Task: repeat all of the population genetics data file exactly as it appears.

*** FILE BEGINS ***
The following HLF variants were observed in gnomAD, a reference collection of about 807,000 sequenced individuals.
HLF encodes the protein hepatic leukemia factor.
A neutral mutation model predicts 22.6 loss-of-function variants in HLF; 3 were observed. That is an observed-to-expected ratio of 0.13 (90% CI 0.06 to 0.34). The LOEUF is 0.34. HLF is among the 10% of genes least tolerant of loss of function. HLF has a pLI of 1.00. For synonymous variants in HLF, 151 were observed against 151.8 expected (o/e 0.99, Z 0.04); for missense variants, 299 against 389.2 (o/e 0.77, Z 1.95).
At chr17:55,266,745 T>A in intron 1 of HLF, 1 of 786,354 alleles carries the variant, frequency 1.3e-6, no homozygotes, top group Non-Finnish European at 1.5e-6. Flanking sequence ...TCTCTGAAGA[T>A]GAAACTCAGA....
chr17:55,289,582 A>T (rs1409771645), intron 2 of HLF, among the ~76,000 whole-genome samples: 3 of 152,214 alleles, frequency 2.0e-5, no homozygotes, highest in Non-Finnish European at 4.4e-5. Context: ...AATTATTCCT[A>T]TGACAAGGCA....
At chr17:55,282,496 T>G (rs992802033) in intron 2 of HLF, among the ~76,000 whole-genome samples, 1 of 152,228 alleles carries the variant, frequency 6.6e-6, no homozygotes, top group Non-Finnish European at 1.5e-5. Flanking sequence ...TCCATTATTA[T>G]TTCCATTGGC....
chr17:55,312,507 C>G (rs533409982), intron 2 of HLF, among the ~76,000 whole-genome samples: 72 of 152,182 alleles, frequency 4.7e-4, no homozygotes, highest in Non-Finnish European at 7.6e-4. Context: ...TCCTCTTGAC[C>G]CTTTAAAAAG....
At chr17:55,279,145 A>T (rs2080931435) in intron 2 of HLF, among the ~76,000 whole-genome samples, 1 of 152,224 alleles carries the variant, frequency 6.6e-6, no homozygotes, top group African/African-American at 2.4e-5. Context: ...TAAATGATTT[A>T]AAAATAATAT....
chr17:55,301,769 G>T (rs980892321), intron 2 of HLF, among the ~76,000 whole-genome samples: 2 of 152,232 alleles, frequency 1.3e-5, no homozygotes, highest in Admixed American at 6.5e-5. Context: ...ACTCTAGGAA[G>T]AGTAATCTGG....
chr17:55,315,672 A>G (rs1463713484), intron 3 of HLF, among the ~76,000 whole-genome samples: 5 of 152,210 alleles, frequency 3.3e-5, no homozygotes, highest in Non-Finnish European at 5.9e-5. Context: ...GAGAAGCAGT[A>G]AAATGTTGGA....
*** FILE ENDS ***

The following HLF variants were observed in gnomAD, a reference collection of about 807,000 sequenced individuals.
HLF encodes the protein hepatic leukemia factor.
A neutral mutation model predicts 22.6 loss-of-function variants in HLF; 3 were observed. That is an observed-to-expected ratio of 0.13 (90% CI 0.06 to 0.34). The LOEUF is 0.34. HLF is among the 10% of genes least tolerant of loss of function. HLF has a pLI of 1.00. For synonymous variants in HLF, 151 were observed against 151.8 expected (o/e 0.99, Z 0.04); for missense variants, 299 against 389.2 (o/e 0.77, Z 1.95).
At chr17:55,266,745 T>A in intron 1 of HLF, 1 of 786,354 alleles carries the variant, frequency 1.3e-6, no homozygotes, top group Non-Finnish European at 1.5e-6. Flanking sequence ...TCTCTGAAGA[T>A]GAAACTCAGA....
chr17:55,289,582 A>T (rs1409771645), intron 2 of HLF, among the ~76,000 whole-genome samples: 3 of 152,214 alleles, frequency 2.0e-5, no homozygotes, highest in Non-Finnish European at 4.4e-5. Context: ...AATTATTCCT[A>T]TGACAAGGCA....
At chr17:55,282,496 T>G (rs992802033) in intron 2 of HLF, among the ~76,000 whole-genome samples, 1 of 152,228 alleles carries the variant, frequency 6.6e-6, no homozygotes, top group Non-Finnish European at 1.5e-5. Flanking sequence ...TCCATTATTA[T>G]TTCCATTGGC....
chr17:55,312,507 C>G (rs533409982), intron 2 of HLF, among the ~76,000 whole-genome samples: 72 of 152,182 alleles, frequency 4.7e-4, no homozygotes, highest in Non-Finnish European at 7.6e-4. Context: ...TCCTCTTGAC[C>G]CTTTAAAAAG....
At chr17:55,279,145 A>T (rs2080931435) in intron 2 of HLF, among the ~76,000 whole-genome samples, 1 of 152,224 alleles carries the variant, frequency 6.6e-6, no homozygotes, top group African/African-American at 2.4e-5. Context: ...TAAATGATTT[A>T]AAAATAATAT....
chr17:55,301,769 G>T (rs980892321), intron 2 of HLF, among the ~76,000 whole-genome samples: 2 of 152,232 alleles, frequency 1.3e-5, no homozygotes, highest in Admixed American at 6.5e-5. Context: ...ACTCTAGGAA[G>T]AGTAATCTGG....
chr17:55,315,672 A>G (rs1463713484), intron 3 of HLF, among the ~76,000 whole-genome samples: 5 of 152,210 alleles, frequency 3.3e-5, no homozygotes, highest in Non-Finnish European at 5.9e-5. Context: ...GAGAAGCAGT[A>G]AAATGTTGGA....